The Liberal’s Real Solutions has no mention of ‘surveillance’ or ‘privacy’. Their terrorism statement is that they will increase measures, focussing on security of ports: We will deliver improved counter-terrorism and domestic security measures in Australia and secure our ports and airports. .They mention increased CCTV rollouts in their crime section (pg 42), none of which suggests that privacy and surveillance issues are a big issue for them. They also seem inclined to use the threat of terrorist immigration as an anti-refugee tactic, see eg this June press release.

In June 2013, Malcolm Turnbull issued a statement expressing some concern about the NSA’s PRISM program, particularly its implications for commercial interests, presumably Australian businesses hosting data on US servers. (I note incidentally that Real Solutions is hosted on Amazon Web Services. It’s just a curio since Real Solutions is public information, but I wonder if political parties host their donor databases and such on Australian servers?) If you search for the text of that statement on technical news sites, incidentally, the advertisements may encourage you to apply for a job with ASIO.

It’s difficult to find ALP information. They assert a right to privacy (National Platform, items 41 and 42, pages 186–187), largely centered around privacy of data held by the government, especially health information and credit information. They assert that [Labor will] ensure that personal information of Australians transferred overseas is protected which I find difficult to interpret (if nothing else, the phrasing is rather ambiguous between personal information being sent overseas and Australians themselves being sent!). Elsewhere in the National Platform, they write:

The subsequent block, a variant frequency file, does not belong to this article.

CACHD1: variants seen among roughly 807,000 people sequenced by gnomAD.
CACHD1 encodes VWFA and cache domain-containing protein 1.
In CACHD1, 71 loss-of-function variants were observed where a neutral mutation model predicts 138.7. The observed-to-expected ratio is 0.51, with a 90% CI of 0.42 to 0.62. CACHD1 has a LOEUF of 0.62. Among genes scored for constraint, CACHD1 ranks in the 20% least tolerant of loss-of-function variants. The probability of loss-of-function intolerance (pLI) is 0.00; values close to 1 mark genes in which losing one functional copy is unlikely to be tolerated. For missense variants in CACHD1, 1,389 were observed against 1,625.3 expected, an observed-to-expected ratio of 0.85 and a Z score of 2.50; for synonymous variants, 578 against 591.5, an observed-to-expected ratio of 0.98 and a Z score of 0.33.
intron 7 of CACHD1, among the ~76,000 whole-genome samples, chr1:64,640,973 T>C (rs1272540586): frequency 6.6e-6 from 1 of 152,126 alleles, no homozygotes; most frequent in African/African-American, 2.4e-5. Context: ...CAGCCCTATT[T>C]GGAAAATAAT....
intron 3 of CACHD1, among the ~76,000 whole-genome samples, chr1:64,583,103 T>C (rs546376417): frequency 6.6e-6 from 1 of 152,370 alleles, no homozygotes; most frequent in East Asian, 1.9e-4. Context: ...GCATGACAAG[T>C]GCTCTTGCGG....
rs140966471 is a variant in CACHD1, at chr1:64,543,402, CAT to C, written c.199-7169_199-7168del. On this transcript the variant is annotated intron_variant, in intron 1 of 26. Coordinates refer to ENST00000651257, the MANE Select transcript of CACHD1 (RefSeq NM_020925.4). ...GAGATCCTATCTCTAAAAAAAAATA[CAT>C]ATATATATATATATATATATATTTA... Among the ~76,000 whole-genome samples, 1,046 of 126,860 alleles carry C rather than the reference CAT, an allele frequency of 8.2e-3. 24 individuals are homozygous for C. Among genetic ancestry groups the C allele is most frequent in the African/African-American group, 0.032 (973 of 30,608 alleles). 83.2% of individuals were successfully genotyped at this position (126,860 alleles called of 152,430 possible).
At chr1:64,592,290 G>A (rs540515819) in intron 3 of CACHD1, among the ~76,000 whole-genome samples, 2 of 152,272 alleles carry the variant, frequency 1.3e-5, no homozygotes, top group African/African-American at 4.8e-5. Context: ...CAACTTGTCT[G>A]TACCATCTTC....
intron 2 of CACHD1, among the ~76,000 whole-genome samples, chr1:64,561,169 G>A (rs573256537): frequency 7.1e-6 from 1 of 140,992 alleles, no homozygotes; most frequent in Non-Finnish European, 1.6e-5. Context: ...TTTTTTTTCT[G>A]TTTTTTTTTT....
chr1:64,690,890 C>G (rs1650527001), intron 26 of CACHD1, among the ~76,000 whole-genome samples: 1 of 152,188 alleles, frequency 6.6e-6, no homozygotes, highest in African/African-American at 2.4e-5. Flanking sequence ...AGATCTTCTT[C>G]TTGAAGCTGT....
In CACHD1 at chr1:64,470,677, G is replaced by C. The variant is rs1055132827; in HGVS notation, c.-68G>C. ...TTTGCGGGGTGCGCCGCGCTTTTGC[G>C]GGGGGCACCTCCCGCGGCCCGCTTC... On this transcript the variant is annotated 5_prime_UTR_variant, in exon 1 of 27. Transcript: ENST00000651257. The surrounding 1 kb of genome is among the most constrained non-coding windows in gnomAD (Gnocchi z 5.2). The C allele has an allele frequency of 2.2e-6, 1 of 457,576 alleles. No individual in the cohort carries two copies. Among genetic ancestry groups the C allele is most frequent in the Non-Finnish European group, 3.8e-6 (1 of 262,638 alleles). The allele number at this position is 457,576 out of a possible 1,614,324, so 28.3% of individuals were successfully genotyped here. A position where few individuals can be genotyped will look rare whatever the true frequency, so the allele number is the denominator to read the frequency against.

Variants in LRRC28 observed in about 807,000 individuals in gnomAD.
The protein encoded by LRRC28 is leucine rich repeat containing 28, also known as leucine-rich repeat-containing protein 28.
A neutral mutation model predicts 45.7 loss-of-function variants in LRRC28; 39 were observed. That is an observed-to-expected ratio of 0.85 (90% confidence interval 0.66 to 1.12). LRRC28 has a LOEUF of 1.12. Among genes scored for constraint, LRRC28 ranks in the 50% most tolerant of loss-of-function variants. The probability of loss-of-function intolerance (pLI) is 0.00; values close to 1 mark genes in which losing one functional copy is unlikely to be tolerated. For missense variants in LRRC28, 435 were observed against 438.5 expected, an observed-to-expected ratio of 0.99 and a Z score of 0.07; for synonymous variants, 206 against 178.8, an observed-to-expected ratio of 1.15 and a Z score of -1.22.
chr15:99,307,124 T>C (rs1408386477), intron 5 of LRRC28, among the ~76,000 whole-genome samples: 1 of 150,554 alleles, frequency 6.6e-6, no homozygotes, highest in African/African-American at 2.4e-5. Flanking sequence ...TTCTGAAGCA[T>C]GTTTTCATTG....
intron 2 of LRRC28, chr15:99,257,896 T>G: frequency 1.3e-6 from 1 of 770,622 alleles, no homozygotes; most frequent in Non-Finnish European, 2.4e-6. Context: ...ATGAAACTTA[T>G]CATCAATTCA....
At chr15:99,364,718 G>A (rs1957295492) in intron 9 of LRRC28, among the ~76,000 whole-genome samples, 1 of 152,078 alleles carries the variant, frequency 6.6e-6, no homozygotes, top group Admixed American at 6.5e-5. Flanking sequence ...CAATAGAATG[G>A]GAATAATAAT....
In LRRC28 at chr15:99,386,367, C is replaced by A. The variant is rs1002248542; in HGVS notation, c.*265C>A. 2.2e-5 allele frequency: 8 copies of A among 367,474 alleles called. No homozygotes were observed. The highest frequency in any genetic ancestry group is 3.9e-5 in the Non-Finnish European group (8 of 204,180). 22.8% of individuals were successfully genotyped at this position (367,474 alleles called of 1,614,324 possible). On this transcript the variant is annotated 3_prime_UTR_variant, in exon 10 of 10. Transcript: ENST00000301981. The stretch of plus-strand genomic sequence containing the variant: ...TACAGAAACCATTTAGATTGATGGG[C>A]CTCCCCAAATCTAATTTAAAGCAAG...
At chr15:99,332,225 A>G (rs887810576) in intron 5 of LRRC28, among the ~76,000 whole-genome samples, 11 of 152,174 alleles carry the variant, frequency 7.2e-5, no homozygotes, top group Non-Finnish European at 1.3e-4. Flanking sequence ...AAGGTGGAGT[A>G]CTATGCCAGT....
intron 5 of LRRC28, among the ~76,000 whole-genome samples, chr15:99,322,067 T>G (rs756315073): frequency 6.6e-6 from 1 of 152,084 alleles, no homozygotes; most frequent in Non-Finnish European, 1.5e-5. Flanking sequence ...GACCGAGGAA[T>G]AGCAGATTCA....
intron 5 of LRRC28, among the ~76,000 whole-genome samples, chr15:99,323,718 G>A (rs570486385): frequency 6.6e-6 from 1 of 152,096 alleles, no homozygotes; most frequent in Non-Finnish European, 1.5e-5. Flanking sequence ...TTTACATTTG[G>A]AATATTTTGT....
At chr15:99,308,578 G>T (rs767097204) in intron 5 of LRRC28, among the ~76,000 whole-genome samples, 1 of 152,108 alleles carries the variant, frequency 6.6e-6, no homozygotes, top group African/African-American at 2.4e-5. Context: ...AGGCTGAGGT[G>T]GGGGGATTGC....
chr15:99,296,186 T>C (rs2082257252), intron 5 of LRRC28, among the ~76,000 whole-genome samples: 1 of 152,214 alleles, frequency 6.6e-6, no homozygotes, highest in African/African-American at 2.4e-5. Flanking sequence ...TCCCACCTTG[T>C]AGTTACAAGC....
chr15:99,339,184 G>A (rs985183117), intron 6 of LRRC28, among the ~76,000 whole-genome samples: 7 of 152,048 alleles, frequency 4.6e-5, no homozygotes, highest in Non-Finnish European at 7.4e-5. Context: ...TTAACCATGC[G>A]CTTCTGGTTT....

Labor refuses to manipulate fear or racism for political gain in response to terror. Australia needs tough laws to deal with terrorism but, just as importantly, we need well-balanced laws that target the terrorists, not innocent citizens. We need strong safeguards to protect the civil and human rights that are fundamental to our freedoms. Labor is committed to finalising the review of the Anti-Terrorism Legislation.

item 132, page 209

I don’t see that translated into policy for the present campaign anywhere.

The Greens have a specific surveillance policy generally affirming a right to privacy. They seek to bring telecommunications surveillance back under the control of normal judicial warrants, and subject to Freedom of Information requests; they want intelligence sharing with the “5 Eyes” countries (the other four are the US, UK, Canada and New Zealand) overhauled; and they oppose proposals for data retention concerning Australian’s Internet use.

See also Electronic Frontiers Australia Election 2013 scorecard.

Smaller parties

From a slightly haphazard collection on Monday, I focus today on minor parties that I know to have some interest in civil liberties and/or digital rights.

Pirate Party

Privacy is listed as one of the four major civil liberties they value. They oppose both the proposed 2 year retention of Australian’s Internet use data, and denounse PRISM and PRISM-like programs.

Wikileaks Party

As one would expect, this is a prominent issue in their campaign platform:

… the WikiLeaks Party will be fearless in its opposition to the creeping surveillance state, driven by globalised data collection and spying agencies, both state and corporate controlled. We will demand that all information on data seizure and storage of citizens’ data by government agencies and allied corporations be made public.